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Educational Household Wealth Trends and Wealth Inequality

Line chart showing cumulative changes in wealth by educational achievement

SOURCES: Distributional Financial Accounts and Institute for Economic Equity calculations.

NOTES: College represents families with at least a college degree; other education levels represent the families’ highest completed education. Vertical bars indicate recessions.

This figure shows the average real wealth of families with a given educational achievement. On average, families headed by someone with at least a bachelor’s degree have greater wealth than similarly educated families did in the past. College-headed families in 2021 had 99% more wealth on average than similar families in 1989. Growth has not been as pronounced for less-educated families; in most quarters, those headed by someone with less than a high school diploma had less wealth, on average, than similar families in 1989.

Line chart displaying wealth gaps for those with some college, high school, or no high school degree compared to $1 of Bachelor's Wealth

SOURCES: Distributional Financial Accounts and Institute for Economic Equity calculations.

NOTES: College represents families with at least a college degree; other education levels represent the families’ highest completed education. Vertical bars indicate recessions.

Given the fast growth in average wealth for college-headed families relative to families who are not college educated, real educational family wealth gaps have grown. As of the first quarter of 2021, the ratio between families headed by someone with some college education (but no four-year degree) and families headed by a college graduate was 30 cents per $1. The ratio between someone with a high school diploma and a bachelor’s-level education was 23 cents per $1, and the ratio between someone with less than a high school diploma and a bachelor’s-level education was 9 cents per $1.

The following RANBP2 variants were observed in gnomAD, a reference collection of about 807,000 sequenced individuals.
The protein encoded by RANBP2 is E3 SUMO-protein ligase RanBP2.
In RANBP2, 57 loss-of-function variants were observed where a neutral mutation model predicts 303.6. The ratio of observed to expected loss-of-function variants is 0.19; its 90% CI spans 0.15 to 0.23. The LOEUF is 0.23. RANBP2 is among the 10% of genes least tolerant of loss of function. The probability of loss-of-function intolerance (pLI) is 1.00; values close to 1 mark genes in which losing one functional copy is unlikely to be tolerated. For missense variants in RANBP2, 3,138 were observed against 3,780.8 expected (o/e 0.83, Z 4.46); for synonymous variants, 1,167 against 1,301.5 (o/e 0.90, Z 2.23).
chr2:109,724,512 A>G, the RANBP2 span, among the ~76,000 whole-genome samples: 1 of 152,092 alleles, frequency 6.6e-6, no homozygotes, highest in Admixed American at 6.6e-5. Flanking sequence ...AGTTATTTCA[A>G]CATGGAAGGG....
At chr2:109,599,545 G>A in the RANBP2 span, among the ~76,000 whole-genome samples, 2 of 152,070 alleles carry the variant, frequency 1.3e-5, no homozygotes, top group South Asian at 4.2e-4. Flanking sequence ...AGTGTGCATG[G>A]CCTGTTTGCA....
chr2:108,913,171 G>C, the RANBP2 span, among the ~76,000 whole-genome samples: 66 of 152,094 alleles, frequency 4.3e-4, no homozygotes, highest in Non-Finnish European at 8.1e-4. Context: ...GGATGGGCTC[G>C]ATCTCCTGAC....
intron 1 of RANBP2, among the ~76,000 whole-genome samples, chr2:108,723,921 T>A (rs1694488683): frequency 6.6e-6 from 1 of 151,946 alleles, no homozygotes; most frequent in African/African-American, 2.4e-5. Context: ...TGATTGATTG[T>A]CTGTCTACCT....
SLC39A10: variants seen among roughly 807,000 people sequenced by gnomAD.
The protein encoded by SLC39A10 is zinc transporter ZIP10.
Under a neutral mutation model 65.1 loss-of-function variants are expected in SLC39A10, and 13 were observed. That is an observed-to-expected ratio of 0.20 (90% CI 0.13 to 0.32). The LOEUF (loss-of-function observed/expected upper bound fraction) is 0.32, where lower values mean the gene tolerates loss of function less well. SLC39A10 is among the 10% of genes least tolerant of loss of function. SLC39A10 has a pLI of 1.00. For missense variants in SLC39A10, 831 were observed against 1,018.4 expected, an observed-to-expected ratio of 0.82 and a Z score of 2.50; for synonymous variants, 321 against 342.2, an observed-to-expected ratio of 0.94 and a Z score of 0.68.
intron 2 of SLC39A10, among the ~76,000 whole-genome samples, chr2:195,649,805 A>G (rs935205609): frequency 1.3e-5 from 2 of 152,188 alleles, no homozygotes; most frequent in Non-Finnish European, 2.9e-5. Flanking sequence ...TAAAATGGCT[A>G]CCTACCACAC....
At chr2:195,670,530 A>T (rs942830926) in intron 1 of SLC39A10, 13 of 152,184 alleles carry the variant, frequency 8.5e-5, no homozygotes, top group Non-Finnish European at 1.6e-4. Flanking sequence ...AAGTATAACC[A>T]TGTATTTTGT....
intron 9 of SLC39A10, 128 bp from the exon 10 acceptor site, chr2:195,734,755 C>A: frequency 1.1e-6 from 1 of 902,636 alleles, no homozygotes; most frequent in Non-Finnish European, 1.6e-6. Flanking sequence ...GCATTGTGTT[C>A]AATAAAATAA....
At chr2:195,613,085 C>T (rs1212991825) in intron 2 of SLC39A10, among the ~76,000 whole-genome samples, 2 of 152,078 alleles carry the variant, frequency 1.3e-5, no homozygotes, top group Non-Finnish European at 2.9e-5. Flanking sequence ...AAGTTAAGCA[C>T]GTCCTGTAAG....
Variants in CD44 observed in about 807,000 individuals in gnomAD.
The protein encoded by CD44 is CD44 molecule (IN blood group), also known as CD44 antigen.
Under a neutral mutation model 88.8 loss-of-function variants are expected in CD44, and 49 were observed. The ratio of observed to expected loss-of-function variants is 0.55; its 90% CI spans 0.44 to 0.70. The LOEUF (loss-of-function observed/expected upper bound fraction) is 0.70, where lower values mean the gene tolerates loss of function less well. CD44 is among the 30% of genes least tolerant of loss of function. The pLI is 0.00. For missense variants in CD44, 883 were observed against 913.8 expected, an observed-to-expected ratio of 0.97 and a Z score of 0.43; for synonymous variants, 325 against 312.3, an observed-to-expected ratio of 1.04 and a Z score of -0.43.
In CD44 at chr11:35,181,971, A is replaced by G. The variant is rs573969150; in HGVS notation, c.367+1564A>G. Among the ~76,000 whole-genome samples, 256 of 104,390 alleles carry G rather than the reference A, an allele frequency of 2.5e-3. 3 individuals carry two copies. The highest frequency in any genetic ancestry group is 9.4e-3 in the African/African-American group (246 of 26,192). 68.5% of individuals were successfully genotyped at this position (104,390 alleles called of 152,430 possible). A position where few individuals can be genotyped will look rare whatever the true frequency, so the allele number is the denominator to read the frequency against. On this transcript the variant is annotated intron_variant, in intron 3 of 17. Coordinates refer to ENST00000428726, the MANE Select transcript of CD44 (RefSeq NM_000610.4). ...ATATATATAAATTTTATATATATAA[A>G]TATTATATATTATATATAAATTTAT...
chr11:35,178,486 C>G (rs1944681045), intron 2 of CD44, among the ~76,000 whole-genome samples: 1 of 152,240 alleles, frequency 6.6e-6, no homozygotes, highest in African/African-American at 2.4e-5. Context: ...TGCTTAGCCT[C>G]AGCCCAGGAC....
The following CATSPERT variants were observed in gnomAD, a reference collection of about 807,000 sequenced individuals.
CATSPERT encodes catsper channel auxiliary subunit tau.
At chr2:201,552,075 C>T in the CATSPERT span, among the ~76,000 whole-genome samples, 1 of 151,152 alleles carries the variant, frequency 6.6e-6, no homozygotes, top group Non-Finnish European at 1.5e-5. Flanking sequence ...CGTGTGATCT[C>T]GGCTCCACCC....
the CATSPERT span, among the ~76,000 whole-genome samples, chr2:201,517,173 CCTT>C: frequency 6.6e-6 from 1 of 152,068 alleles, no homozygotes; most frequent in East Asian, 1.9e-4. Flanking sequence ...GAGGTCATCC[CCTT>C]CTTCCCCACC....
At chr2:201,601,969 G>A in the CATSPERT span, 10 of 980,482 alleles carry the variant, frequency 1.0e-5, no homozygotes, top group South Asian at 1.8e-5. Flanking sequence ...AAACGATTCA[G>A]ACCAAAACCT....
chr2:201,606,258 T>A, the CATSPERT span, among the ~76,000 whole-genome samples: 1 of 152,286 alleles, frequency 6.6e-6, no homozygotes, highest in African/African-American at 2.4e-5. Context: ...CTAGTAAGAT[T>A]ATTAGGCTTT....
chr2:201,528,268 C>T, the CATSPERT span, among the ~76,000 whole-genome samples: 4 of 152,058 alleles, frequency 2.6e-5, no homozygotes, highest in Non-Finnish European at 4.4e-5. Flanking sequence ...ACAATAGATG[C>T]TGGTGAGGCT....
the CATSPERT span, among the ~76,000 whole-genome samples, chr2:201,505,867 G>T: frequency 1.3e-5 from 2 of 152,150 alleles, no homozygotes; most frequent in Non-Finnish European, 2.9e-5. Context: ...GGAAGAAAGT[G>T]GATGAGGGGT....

Bar chart showing the average wealth for families headed by someone with a four-year college degree, some college but no degree, at most a high school degree and less than a high school degree in the first quarter of 2021

SOURCES: Distributional Financial Accounts and Institute for Economic Equity calculations.

NOTE: College represents families with at least a college degree; other education levels represent the families’ highest completed education.

This bar chart shows the average wealth for families headed by someone with a four-year college degree, some college but no degree, at most a high school diploma and less than a high school diploma in the first quarter of 2021. In the first quarter, the college group had about $1.3 million, $1.4 million and $1.7 million more family wealth, on average, than the some college, high school, and no high school groups, respectively. With the exception of the no high school group, these average real family wealth levels were at all-time highs.